True Crimes by Kathryn Harrison

True Crimes

From acclaimed literary talent and New York Times bestselling author Kathryn Harrison comes a collection of provocative and illuminating essays. In True Crimes, conventional ideas of love, loss, forgiveness, and memory are transformed—complicated, upended, and reimagined by one of the foremost memoirists of our time. In essays written over the course of more than a decade, Kathryn Harrison has created a beautifully detailed and rigorously hone...

Details True Crimes

TitleTrue Crimes
Release DateApr 5th, 2016
PublisherRandom House
GenreNonfiction, Autobiography, Memoir, Writing, Essays, Biography, Crime, True Crime

Reviews True Crimes

  • Kasa Cotugno
    This is the first book I've read by Kathryn Harrison, but it won't be the last. She tells her life story through a series of beautifully written essays, most of which have been previously published but are tweaked for inclusion in this volume. Each is a gem, an unapologetic, cleareyed assessment of her complicated relationships with her mother and grandmother, with their relationship with each other. That she infamously was abused by her father a...
  • Michelle
    The stunning confessional memoir that has become the trademark of bestselling NYT author Kathryn Harrison "True Crimes: A Family Album". These essays were previously published in a variety of journal and anthology collections. With detail and intensity Harrison highlights her own family history with comparisons to various literary genres associated with true crime, psychology, biography, health and wellness etc.In the opening essay, "Tale of Two ...
  • William Koon
    Kathryn Harrison writes confessional, exploitive essays. I was not familiar with the form, but apparently the more you tell the better. Her work starts out well enough with a discussion of an unwanted dog –and a wanted one. Much later she tells us why she wanted the outrageous Pug. I found this essay tender and to the core. What do you do with something you do not want but which means something to others. Our parents merely gave the offending b...
  • Judith
    This is a memoir from an author I have been reading with mixed results for ages. Some of her books I loved: "Exposure" & "The Kiss". Others were not to my tastes at all. I feel the same way about her husband, Colin Harrison's books. I mention this only because I am not sure if I would have liked this book more or less had I not known so much about her history, and had I not been reading her for so many years with such diverse outcome. In some way...
  • Marsmannix
    Warning this review may be offensive: I picked up this book thinking it was a True Crime book since it had been shelved in the 360's. Since I like essays, I started it, & had a deja vu: yes it is THAT Kathryn Harrison, the one who ****ed her Daddy, as related in her book The Kiss.Her first essay details how she abandoned the family dog, a black Lab she didn't like at an amusement park. She took off his collar and leash and walked away as her baff...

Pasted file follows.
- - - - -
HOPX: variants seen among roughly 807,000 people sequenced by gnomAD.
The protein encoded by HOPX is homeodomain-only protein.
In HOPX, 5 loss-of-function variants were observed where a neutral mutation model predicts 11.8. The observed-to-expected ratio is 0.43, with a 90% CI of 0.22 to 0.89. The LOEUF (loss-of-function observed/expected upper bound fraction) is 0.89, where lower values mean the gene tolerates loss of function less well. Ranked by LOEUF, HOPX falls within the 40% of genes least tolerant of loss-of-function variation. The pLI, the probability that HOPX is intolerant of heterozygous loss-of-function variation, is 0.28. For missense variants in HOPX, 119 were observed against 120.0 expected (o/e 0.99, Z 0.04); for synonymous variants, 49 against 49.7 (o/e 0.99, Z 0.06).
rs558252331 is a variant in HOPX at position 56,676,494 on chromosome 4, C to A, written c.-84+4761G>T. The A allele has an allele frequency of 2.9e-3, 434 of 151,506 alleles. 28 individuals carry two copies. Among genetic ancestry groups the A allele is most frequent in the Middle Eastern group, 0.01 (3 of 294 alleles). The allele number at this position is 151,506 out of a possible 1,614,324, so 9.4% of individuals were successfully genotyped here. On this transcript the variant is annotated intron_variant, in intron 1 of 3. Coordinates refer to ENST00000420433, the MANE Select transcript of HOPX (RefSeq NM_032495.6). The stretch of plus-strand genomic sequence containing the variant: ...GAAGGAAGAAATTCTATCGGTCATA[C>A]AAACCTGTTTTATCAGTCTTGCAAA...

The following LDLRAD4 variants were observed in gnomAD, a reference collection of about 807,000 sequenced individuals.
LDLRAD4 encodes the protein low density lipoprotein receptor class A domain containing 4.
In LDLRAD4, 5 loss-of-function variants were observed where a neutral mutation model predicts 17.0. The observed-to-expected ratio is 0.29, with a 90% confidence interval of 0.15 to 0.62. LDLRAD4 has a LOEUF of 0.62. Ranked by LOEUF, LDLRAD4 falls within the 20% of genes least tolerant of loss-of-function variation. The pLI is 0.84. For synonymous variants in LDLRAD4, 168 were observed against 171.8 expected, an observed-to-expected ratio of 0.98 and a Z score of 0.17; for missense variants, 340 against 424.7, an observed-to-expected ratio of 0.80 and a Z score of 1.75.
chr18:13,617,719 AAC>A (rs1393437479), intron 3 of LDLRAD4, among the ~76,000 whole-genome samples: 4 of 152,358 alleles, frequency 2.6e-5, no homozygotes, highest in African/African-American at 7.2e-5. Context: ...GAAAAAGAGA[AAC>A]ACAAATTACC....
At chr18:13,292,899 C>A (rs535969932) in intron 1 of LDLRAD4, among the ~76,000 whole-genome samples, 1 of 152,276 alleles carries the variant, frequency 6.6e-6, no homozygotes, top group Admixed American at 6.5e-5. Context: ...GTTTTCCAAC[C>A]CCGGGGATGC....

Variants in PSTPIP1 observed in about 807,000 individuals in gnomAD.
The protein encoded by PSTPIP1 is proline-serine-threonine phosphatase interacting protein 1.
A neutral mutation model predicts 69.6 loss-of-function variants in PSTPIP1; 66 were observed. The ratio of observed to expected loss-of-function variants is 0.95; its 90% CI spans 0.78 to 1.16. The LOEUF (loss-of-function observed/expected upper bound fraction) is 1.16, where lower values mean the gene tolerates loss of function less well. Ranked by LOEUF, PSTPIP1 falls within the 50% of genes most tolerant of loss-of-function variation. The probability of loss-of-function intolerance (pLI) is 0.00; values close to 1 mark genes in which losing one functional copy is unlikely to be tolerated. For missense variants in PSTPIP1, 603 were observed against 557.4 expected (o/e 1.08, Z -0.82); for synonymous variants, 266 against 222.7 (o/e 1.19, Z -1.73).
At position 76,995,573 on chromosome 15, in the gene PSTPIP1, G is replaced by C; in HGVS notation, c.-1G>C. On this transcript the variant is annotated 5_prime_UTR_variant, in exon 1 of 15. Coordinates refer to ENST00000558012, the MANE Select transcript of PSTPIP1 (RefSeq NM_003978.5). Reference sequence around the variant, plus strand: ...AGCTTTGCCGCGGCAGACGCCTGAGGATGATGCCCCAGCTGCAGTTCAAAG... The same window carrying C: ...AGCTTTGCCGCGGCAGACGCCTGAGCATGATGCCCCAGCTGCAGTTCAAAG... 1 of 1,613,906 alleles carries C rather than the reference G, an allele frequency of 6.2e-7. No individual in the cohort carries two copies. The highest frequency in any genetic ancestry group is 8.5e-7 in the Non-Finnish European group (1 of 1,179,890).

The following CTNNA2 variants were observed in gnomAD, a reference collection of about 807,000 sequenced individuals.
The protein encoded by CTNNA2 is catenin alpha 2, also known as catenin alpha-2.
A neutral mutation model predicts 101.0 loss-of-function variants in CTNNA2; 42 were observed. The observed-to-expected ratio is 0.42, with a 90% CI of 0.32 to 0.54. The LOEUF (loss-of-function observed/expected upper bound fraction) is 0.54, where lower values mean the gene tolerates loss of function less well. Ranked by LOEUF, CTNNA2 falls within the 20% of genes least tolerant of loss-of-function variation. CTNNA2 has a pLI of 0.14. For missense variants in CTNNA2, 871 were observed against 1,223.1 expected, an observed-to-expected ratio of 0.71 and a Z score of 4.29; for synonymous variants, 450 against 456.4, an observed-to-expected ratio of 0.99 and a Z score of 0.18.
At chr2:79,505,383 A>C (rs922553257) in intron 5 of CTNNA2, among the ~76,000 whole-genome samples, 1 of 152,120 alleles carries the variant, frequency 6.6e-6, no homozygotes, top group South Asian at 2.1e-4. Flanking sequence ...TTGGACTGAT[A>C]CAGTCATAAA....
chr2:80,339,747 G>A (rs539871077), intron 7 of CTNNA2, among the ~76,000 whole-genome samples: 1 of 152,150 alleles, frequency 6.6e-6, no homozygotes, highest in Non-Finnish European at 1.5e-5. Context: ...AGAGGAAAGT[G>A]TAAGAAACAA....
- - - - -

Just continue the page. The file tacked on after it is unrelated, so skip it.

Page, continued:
• Sarah Obsesses over Books & Cookies
    Thank you Netgalley! I was unsure of this one because it was sort of literary for me even though it's essays but I stuck with it and it was rewarding. Harrison writes just at the line of too fancy for me but she knows how to make a sentence an experience. I learned about her grandmother how she raised her and her mother how she gave her away and her father how he abused her and her issues with dogs. Honestly two essays made my eyes glaze over but...
  • Liz
    Kathryn Harrison's skillful writing voice pulled me into her essays from the first page. I was particularly drawn to the connections she made with four generations of women from her grandmother to her own third child, a girl who is now ten years old. I have a particular interest in how maternal connections are firmly bonded or tragically disconnected so these essays were particularly poignant. This book is a fine collection that turned into a rea...
  • Rhonda Lomazow
    Once again Kathryn Harrison has written an honest raw group of essays.She opens the door to her&their families most intimate moments the heartbreak over her beloved fatherin laws death .Her day to day life with her husband&children Her essay about her decision to bring her aging grandmother to live with them.For those who are aware of this author this is another book they will race through .For those new to Kathryn Harrison they will want to go b...
  • Erika
    It has been a very long time since I actually read this so I don't have all the snippets down that I wanted to put in this review. I can tell you that the word "stunning" ran through my mind the entire time I was reading. This was my first Kathryn Harrison and I'm zooming around right now looking for another one.
  • Randi
    One of the best books of personal essays since Joan Didion's Slouching Towards Bethlehem. Harrison writes about her trip on a tour for Joan of Arc enthusiasts (funny), caring for an aging then dying parent, and a family dog she hated. Witty, accessible, intelligent, highly relatable.
  • ReadWithAndrea
    "No! Do not tell me you bought a dog without talking with me about it! And especially don't tell me you bought a completely objectionable not-even-a-dog kind of dog!" -Kathryn Harrison's husband in TRUE CRIMES: A Family Album. Ok, some of the "true crimes" are slightly more sinister than this dog caper implies; you'll quickly understand why the maestra of #memoir herself, Mary Karr, is such a believer in Harrison's writing.
  • Lotus Nox